As a recent college graduate, my quarantine experience with the spread of COVID-19 involved a harsh realization of my lasts. The adjustment to life back in my childhood home was hard. Time became irrelevant and my previous life drifted away. The goodbyes the Class of 2020 had planned for; graduation, the final farewells to classmates in May, all had slipped away. This was a time I had waited for all of my life, the time where I found my career after college. I became mentally unstable with the rejection letters and discouraged feelings that I would never find a job in this economy. With a weakened immune system and various health issues, I needed to stay within my home. I felt my mental health deteriorating and the walls in my house were constantly closing in, contributing to my claustrophobia. To exemplify these feelings of entrapment, I utilized direct light to bring attention to my interpretation of everyday life. I realized that previously simple actions and feelings became incredibly substantial. The combination of black and white and contrasted light does not only encase each feeling and story, but references the historical, colorless nature of the time our generation is living in.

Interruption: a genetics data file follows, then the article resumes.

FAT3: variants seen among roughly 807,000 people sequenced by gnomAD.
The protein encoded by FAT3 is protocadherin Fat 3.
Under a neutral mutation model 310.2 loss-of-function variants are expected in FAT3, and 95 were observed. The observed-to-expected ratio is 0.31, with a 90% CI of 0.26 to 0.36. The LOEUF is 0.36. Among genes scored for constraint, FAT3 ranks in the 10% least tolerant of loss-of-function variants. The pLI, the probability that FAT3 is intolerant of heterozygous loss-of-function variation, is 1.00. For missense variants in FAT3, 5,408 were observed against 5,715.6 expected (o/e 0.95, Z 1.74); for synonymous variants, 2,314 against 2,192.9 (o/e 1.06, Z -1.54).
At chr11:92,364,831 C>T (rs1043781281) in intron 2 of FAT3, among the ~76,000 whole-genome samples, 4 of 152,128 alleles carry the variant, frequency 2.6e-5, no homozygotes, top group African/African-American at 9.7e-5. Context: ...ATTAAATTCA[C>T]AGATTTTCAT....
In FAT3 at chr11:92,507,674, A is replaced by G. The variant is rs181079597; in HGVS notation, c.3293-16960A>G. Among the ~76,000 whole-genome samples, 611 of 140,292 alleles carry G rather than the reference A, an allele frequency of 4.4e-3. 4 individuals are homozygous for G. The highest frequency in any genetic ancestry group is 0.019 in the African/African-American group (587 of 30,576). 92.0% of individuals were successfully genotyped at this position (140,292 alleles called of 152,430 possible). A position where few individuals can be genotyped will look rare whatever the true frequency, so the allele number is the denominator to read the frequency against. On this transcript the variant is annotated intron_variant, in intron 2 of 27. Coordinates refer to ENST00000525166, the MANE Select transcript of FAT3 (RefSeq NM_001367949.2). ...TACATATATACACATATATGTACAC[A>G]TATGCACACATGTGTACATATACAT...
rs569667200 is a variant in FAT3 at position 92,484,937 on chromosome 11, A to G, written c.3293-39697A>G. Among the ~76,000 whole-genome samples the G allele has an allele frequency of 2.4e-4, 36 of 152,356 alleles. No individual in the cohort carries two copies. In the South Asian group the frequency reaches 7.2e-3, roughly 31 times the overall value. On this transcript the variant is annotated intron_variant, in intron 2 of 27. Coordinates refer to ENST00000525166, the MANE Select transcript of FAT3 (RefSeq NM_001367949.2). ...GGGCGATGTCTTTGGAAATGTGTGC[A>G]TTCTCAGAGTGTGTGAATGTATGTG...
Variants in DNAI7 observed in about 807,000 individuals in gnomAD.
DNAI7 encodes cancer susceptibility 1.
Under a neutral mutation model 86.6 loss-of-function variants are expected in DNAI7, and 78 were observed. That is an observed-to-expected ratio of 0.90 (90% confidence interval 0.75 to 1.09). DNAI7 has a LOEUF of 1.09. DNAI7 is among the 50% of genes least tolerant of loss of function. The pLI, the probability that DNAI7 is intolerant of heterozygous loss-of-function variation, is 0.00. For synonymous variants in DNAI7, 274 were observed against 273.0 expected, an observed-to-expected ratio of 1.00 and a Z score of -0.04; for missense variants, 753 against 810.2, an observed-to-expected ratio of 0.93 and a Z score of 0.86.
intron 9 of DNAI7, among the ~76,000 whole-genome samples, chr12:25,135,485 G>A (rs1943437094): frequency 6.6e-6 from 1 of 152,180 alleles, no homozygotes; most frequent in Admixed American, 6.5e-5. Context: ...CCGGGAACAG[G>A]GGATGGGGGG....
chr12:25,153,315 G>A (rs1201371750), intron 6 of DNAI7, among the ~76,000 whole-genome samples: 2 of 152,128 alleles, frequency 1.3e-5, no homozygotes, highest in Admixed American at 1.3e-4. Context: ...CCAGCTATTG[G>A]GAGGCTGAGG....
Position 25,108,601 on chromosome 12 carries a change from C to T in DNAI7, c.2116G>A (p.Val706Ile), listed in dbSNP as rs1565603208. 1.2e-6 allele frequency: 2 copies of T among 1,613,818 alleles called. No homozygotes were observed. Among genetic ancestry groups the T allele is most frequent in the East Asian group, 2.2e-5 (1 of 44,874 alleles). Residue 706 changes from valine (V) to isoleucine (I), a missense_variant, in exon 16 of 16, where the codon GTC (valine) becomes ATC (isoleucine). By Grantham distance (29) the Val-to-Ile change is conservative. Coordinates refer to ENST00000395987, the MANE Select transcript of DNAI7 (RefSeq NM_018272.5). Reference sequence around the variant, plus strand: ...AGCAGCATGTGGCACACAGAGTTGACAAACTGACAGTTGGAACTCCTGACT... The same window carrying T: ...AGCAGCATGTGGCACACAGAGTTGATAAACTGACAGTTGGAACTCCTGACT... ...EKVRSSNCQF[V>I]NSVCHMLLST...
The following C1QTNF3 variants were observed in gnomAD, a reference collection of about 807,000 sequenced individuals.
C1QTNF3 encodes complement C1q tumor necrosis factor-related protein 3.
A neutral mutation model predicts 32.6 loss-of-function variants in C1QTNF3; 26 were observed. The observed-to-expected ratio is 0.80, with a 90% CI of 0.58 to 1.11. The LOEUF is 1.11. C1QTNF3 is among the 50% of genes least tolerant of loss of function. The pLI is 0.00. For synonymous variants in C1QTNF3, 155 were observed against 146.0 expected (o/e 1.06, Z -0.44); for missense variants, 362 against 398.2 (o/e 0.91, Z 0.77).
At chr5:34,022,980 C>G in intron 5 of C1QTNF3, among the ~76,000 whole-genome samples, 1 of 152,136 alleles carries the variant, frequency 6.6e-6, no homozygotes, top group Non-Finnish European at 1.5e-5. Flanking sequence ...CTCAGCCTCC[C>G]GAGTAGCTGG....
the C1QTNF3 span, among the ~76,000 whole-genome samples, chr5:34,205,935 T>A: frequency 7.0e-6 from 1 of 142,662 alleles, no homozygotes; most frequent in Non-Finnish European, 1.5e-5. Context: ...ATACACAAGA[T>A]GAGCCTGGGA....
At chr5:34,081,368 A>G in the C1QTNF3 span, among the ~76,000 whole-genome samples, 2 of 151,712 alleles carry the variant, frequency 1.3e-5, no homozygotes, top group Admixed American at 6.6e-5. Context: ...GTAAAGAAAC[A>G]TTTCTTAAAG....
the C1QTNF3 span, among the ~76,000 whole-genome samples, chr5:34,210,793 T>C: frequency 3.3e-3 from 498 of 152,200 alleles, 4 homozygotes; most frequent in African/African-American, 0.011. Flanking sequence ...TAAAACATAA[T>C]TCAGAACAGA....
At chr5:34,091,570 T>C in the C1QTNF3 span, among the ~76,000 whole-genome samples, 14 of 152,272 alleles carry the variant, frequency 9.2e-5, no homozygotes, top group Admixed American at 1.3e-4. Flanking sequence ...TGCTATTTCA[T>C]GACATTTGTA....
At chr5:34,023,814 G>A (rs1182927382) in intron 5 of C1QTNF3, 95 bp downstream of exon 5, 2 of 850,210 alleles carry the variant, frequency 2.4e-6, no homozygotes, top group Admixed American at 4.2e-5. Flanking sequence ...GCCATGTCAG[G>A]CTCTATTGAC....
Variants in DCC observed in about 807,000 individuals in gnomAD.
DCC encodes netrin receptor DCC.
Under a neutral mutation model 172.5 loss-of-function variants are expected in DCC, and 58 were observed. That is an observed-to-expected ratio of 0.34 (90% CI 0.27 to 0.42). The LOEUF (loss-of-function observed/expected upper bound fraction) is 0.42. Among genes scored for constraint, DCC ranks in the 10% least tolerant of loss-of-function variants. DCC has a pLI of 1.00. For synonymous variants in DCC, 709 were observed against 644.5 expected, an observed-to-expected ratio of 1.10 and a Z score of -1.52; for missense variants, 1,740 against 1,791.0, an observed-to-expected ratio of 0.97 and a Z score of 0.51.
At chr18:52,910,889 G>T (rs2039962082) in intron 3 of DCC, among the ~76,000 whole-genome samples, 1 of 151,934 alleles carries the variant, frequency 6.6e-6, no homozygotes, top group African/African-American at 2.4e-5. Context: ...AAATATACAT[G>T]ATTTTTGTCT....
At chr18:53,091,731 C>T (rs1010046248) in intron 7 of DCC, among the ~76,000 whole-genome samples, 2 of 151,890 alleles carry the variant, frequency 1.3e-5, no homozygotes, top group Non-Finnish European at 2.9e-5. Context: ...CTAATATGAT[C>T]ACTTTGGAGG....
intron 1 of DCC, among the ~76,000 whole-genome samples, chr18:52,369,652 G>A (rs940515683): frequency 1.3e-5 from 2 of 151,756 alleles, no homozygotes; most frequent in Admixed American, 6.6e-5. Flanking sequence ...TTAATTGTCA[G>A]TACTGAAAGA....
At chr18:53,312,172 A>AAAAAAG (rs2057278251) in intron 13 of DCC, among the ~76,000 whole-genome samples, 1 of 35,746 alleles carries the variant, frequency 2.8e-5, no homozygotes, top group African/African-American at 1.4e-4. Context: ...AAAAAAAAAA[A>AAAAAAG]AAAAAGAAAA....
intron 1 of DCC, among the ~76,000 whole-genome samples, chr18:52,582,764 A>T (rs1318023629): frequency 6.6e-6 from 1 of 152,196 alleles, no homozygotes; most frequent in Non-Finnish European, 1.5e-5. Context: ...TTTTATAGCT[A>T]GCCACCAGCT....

Katina Zentz, the photographer, poses for a self-portrait in the sunroom within her home in Dubuque, Iowa. This room used to be the room with the most light and space. Within the last couple of years, the room has become a storage unit within the home for all of my previous things. With my return home and leaving my college town, many of my clothes, plants, and apartment materials have had to find their place in the sunroom. This was once a room that I spent the most time in. It has now become the room that contributes the most to my claustrophobia. (Katina Zentz)